James T. Flexner, Young Hamilton: January 1, 1997

Flexner includes a chapter on Hamilton and Laurens titled "A Romantic Friendship" and other comments on men's intimate relationships with men are scattered throughout his book.

A Romantic Friendship
[September, 1777-January, 1780 Ages 2023]

As the military frustrations of 1779 had loomed all too foreseeably ahead, Hamilton had found himself overwhelmed by passionate emotions for his fellow aide, Lieutenant Colonel John Laurens. It was probably no coincidence that the full force did not strike him until an element of safety had been added by Laurens's departure for another theater of war.

Many men suffering from a sense of insecurity greatly resent rivals more successful and perhaps more able than they. Hamilton did not suffer from this weakness. His feelings for Laurens, who was only two years his senior, included hero worship.
Where Hamilton was intellectual, Laurens was physical. His was not a frail body that had to be whipped into strenuous action by overtight nerves. Laurens's body responded by sending to his brain thrills of power and joy. Despite Hamilton's explosions of irrational behavior, he wished to light with logic the path on which he wished to go. Laurens felt no such need. He struck as his instincts prompted him and he struck hard. He was both more idealistic than Hamilton and more brutal.

In worldly endowments inherited possessions, hereditary influence, formal education Laurens incomparably outranked his friend. No family carried more weight than his in South Carolina. His father had personally taken him to Europe to organize his education, deciding that Geneva was the world's greatest intellectual and moral center.”

John's course of study there included ''Latin, Greek, Italian, belles-lettres, physics, history, geography, mathematics, experimental philosophy, fencing, riding, and civil law." In his spare time, Laurens moved in Geneva's highest social circles, acquiring elegant accomplishments and exterior polish. His father was assured that John would become "the Voltaire of South Carolina."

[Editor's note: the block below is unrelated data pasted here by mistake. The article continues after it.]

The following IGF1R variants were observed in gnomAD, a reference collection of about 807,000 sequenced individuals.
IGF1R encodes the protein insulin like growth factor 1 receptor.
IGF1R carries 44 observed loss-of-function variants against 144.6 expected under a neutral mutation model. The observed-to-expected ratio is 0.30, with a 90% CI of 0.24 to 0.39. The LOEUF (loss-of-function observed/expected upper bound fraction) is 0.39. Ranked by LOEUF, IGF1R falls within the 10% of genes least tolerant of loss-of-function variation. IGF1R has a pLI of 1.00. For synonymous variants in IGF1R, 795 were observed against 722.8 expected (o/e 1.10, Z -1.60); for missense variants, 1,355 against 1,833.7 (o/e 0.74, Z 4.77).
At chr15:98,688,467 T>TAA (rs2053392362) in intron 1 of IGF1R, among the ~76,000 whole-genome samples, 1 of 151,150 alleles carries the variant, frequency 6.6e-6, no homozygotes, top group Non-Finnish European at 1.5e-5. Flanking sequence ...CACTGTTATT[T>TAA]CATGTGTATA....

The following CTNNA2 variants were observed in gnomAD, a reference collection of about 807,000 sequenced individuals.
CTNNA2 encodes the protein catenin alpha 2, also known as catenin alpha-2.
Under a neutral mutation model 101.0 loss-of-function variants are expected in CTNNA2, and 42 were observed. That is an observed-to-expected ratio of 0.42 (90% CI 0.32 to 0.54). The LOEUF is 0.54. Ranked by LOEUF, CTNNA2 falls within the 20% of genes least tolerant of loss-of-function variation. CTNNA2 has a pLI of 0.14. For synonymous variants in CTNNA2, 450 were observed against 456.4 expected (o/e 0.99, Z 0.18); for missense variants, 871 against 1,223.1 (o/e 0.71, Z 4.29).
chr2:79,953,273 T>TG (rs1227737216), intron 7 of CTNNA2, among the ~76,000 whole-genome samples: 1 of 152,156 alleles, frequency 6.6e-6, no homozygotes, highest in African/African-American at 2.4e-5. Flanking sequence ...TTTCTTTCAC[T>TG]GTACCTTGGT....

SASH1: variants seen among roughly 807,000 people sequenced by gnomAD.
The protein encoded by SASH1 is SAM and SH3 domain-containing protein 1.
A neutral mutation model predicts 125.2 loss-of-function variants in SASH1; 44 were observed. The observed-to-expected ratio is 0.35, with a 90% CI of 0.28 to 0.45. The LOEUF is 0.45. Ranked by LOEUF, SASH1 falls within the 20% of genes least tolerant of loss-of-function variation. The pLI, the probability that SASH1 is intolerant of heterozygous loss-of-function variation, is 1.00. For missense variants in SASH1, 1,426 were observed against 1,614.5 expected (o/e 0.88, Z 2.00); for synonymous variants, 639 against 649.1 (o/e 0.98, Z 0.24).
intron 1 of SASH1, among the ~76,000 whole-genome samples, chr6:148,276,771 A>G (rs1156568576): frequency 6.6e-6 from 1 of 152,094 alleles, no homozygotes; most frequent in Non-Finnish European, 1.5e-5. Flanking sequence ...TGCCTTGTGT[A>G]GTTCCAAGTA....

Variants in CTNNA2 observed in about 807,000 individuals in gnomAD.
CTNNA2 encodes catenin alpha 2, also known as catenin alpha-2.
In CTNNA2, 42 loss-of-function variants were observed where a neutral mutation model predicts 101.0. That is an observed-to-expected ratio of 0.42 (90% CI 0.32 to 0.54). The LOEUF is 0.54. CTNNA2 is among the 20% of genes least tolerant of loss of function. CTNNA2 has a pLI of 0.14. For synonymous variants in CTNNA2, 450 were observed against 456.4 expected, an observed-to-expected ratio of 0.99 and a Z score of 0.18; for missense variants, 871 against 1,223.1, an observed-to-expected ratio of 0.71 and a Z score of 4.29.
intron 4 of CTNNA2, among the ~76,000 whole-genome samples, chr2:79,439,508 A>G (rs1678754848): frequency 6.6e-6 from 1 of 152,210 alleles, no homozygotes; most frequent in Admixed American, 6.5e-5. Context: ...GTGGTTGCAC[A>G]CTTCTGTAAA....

As soon as the Revolution broke out, Laurens yearned to fight, but his father sent him to London to study law. John found alternate excitement with a genteel but willing young woman. Fearing that marriage would further block his departure for the war, he preferred what he described as "a clandestine celebration." When her pregnancy could no longer be concealed, he told the girl's father he would make an honest woman of her provided that no effort were made to stop his going by himself to America. To his own family, in whose company his wife might have to spend much of her life, Laurens summarized the situation: "Pity obliged me to marry."1

Shortly after Brandywine, Laurens joined Washington's Family as a volunteer. Hamilton met a husky young man, whose large oval head was almost overcrowded with strongly sculptured features. Laurens's eyes were blue, his expression dissatisfied, daring, self-confident, supercilious.2 Instantaneously, he rivaled Hamilton's hitherto unassailed position as the ablest and most energetic of Washington's aides. Laurens even invaded Hamilton's exclusive preserve, for he also spoke fluent French. And his father was currently President of Congress.

It is indicative of the relationship between the two men that, when Washington's circle decided to call Major General Charles Lee to account for his slanders, it was Laurens who challenged and fought Lee, while Hamilton served as a second.

Early in 1779, Laurens launched on a project as audacious as it was philanthropic.
Unable to alter the stalemate around New York, the British were making use of their command of the ocean to move their operations to the weakest part of the United States, inhabited by the largest number of Tories: the South. In late 1778 and early 1779, Georgia was for all practical purposes captured, North Carolina overrun, and Laurens's home state of South Carolina seriously threatened.

Defense was crippled by the South Carolinians' fear of their slaves, by whom they were greatly outnumbered. They did not dare join the army lest, in their absence, the blacks kill their families and burn their plantations. Ever bold, Laurens devised a scheme to convert the

“danger into a strength, while at the same time taking a giant step towards a social good. He had been persuaded during his European education of the evils of slavery. South Carolina, he argued, should raise by draft from the owners several thousand black troops who would serve against the British under white officers he willingly offered himself as commander with the promise of emancipation at the end of the war. This would not only in itself augment the army but, by drawing off the most aggressive blacks from the plantations, enable white militiamen also to leave.3

During March, 1779, Laurens posted from headquarters at Morristown to secure from Congress in Philadelphia a vote urging the scheme on his native state. His father, Henry Laurens, had retired from the presidency of Congress, but had been succeeded by Hamilton's friend Jay. Hamilton wrote to persuade Jay that the project was "most rational." It was, indeed, difficult to see "how a sufficient force can be collected in that quarter without it. I have not the least doubt that the Negroes will make very excellent soldiers with proper management," and Laurens ''has all the zeal, intelligence, enterprise, and every other qualification requisite to succeed in such an undertaking.